No, Your Oatmeal Will Not Kill You

No, Your Oatmeal Will Not Kill You

Worried about weed killer in your oatmeal? You can stop that.
Julie Gunlock

This week, Americans woke up and decided to forgo their healthy morning bowl of oatmeal because of a misleading story from The Daily Mail headlined “Is your oatmeal killing you? Quaker Oats is sued for $5 million following claims WEED KILLER is used in production.” Where do I start?

Well, let’s start with sources. Sources, sources, sources—there are so many sources these days. The trick is knowing the good sources. So let’s consider the source for this story: The Daily Mail.

Look, don’t get me wrong. I love The Daily Mail. In fact, I read it every single day—for Hollywood and entertainment gossip (and to keep up with Gwyneth and Jenny McCarthy’s latest idiocy). Yet I do not get my health and diet information from a site that specializes in promoting Kim Kardashian’s buttocks, Justin Bieber’s love life, and Gisele’s new nose.

In The Daily Mail’s defense (hysterical and utterly unnecessary headline aside), they were reporting on a (soon to be thrown out) lawsuit filed by a Brooklyn (natch!) resident who claims Quaker Oats lied by labeling the cereal “100 percent natural.” The lawsuit claims this label is false because during the growing of the oats, a pesticide called glyphosate—a synthetic weed killer—is used as an herbicide on the crops to stave off weeds and increase yield.

Beware Words Like ‘Natural’ and ‘Toxic’

I’ll get to the “glyphosate kills” baloney in a moment, but this lawsuit should serve as a warning to the food industry. It raises some very interesting questions about food marketing and the food industry’s continued use of meaningless and somewhat misleading phrases like “natural,” “healthy,” “clean,” and similar gimmicky terms that lack an agreed-upon or federally recognized definition (while the Food and Drug Administration, or FDA, doesn’t currently define “natural,” the agency is currently taking comments on a definition).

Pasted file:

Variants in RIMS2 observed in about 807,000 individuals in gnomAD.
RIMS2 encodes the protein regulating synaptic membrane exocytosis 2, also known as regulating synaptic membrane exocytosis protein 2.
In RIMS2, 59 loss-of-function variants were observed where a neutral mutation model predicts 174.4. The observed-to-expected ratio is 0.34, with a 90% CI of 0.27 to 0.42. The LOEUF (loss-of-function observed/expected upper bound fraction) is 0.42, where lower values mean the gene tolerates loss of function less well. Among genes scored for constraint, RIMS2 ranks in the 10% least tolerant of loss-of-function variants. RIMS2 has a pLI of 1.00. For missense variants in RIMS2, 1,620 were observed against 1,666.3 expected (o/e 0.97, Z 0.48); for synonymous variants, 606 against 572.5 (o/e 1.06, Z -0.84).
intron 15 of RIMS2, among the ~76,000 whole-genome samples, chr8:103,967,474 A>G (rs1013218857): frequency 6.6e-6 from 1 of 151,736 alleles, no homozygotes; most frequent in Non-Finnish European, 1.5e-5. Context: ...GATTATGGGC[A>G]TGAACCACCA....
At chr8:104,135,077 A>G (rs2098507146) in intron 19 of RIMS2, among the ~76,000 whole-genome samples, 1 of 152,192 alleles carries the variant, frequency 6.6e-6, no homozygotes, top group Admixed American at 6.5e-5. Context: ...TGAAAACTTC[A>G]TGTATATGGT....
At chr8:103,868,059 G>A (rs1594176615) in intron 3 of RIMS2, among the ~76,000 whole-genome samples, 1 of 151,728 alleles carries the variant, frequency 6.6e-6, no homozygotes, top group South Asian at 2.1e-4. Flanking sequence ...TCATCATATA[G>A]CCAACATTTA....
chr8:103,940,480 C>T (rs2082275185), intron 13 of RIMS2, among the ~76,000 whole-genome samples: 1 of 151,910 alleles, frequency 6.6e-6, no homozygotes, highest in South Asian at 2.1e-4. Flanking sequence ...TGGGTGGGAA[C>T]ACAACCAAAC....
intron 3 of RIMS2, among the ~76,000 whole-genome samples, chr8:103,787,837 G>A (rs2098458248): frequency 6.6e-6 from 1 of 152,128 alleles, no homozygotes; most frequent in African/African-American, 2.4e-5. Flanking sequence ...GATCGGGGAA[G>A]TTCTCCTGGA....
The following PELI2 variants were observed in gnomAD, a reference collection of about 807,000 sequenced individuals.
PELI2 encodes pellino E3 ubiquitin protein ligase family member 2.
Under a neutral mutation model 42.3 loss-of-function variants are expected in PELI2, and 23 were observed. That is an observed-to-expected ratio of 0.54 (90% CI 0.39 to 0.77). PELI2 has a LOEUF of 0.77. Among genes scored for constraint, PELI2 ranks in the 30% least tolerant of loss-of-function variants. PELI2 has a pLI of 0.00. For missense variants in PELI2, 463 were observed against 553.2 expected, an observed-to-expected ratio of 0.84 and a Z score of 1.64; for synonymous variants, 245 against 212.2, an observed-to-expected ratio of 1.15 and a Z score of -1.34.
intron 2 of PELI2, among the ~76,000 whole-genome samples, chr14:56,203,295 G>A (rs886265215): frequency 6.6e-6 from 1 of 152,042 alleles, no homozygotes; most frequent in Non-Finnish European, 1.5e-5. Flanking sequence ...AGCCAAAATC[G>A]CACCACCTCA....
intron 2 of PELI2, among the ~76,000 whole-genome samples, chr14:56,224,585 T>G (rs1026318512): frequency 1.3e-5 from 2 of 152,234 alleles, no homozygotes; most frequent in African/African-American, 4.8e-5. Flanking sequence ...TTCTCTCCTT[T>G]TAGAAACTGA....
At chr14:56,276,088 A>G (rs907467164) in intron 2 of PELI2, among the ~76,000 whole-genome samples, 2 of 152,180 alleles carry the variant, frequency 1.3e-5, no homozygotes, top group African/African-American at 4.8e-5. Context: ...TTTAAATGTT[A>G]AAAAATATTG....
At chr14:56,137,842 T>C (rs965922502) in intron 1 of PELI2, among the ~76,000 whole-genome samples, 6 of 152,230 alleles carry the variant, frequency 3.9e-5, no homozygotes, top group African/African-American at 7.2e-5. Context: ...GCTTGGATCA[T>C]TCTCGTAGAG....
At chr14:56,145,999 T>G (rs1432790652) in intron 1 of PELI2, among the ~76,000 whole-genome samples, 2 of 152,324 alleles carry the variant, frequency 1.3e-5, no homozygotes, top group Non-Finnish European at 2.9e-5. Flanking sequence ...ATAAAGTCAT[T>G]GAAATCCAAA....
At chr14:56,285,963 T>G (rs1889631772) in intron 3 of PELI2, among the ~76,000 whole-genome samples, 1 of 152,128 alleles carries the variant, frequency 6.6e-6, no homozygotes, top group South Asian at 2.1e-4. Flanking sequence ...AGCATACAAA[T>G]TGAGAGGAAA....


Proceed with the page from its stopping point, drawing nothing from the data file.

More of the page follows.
Whether the word “natural” is being properly used is open to debate. But just because something is a chemical and used during the food production process doesn’t mean it’s a danger to humans, must less a secret killer.

In fact, “toxic” is a word that is often thrown around but is as misleading as “natural.” After all, everything is toxic at a certain dose. Drinking too much water can kill you. Eating too much cantaloupe can kill you. Even eating too much kale can kill you. And yes, consuming high levels of just about any sort of chemical can harm or even kill you. The important takeaway? Dose makes the poison.

Dose Makes the Poison

So, in evaluating how concerned you should be about the trace amounts of glyphosate in oatmeal, one must consider the dose. It’s helpful to compare it to other items Americans are consuming. This graph from The Credible Hulk offers a good visual:


So, if you’re concerned about trace (almost undetectable) levels of glyphosate in your bowl of oatmeal, you better put down that coffee, stop taking an Advil after your spin class, and learn to love bland food.

But before we move on, take another look at that chart. Look way up there at the tippy top. See that compound called Rotenone? Well, guess what? That stuff is allowed for use as a pesticide in organic farming. See a few columns below that, that stuff called lime sulfur? Yeah, another “organic pesticide” that’s more toxic than glyphosate. Uh huh. Those organic farmers might just want to switch to the less-toxic glyphosate if they really cared about their customers. Just an idea.